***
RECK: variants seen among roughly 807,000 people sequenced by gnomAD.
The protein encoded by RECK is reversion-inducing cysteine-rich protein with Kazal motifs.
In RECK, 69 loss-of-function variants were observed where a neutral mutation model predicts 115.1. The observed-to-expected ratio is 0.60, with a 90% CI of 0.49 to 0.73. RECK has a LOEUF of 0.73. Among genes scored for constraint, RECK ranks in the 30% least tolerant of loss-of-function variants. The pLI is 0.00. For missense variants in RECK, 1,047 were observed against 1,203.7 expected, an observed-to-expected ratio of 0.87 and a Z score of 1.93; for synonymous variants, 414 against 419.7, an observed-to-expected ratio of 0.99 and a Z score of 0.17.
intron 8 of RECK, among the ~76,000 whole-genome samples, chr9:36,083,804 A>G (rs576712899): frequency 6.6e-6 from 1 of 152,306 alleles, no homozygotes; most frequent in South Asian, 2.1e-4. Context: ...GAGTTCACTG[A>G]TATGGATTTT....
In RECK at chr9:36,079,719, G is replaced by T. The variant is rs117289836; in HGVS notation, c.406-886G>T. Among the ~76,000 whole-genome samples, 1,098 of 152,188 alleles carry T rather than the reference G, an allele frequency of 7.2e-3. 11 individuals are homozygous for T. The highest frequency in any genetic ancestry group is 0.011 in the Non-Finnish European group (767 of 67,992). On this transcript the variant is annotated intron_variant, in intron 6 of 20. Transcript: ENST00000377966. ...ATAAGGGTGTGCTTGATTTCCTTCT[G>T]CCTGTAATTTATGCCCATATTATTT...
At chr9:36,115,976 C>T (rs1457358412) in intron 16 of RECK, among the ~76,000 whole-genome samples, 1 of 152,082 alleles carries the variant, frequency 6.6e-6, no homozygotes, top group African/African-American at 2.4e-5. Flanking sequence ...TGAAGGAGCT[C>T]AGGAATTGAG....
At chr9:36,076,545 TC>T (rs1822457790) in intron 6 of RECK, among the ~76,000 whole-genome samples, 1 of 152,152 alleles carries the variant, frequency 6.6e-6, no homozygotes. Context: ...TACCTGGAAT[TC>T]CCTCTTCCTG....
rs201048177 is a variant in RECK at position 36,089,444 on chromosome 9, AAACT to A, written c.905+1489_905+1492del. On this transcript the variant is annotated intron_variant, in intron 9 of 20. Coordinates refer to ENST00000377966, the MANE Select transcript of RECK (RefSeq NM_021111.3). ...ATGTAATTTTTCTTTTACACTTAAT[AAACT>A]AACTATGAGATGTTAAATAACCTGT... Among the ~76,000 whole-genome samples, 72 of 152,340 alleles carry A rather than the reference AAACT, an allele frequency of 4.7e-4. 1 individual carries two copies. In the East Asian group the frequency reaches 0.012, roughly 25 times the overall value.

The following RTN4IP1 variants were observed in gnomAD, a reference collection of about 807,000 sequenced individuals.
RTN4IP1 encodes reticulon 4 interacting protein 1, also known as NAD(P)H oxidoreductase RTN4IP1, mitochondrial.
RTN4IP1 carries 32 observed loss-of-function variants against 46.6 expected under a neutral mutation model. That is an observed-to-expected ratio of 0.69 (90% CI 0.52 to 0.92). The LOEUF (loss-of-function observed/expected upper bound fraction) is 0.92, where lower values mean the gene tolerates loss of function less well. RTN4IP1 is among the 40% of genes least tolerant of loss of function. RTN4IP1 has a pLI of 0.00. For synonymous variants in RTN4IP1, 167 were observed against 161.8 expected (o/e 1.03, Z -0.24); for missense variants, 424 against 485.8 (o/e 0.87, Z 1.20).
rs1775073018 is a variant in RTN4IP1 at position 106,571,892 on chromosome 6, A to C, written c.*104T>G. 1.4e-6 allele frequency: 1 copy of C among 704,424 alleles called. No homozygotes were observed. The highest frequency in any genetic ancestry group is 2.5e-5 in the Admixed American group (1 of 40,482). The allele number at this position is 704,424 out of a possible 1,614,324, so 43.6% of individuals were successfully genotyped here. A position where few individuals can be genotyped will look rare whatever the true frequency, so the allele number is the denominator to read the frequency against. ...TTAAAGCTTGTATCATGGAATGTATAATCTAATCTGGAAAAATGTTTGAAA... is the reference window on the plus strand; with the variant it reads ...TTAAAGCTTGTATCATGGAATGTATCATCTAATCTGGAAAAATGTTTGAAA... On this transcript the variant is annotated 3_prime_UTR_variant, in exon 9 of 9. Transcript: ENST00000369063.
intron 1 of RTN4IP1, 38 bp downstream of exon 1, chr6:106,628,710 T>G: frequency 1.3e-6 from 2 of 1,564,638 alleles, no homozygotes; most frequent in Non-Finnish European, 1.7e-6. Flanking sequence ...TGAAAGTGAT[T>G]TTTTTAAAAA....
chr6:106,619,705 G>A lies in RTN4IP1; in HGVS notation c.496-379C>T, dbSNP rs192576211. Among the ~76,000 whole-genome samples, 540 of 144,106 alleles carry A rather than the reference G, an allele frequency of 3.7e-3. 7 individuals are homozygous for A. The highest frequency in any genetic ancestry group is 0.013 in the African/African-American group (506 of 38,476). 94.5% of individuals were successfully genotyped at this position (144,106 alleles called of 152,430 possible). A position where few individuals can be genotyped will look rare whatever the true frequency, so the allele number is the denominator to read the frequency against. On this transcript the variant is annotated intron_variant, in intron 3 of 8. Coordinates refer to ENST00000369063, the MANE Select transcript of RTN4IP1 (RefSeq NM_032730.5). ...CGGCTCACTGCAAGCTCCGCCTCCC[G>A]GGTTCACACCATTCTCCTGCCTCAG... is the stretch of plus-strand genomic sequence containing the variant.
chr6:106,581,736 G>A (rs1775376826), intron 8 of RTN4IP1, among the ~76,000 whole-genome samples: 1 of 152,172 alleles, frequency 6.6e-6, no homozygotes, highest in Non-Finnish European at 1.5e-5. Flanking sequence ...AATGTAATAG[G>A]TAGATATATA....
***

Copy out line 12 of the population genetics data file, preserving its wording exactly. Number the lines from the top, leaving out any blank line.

rs1775073018 is a variant in RTN4IP1 at position 106,571,892 on chromosome 6, A to C, written c.*104T>G. 1.4e-6 allele frequency: 1 copy of C among 704,424 alleles called. No homozygotes were observed. The highest frequency in any genetic ancestry group is 2.5e-5 in the Admixed American group (1 of 40,482). The allele number at this position is 704,424 out of a possible 1,614,324, so 43.6% of individuals were successfully genotyped here. A position where few individuals can be genotyped will look rare whatever the true frequency, so the allele number is the denominator to read the frequency against. ...TTAAAGCTTGTATCATGGAATGTATAATCTAATCTGGAAAAATGTTTGAAA... is the reference window on the plus strand; with the variant it reads ...TTAAAGCTTGTATCATGGAATGTATCATCTAATCTGGAAAAATGTTTGAAA... On this transcript the variant is annotated 3_prime_UTR_variant, in exon 9 of 9. Transcript: ENST00000369063.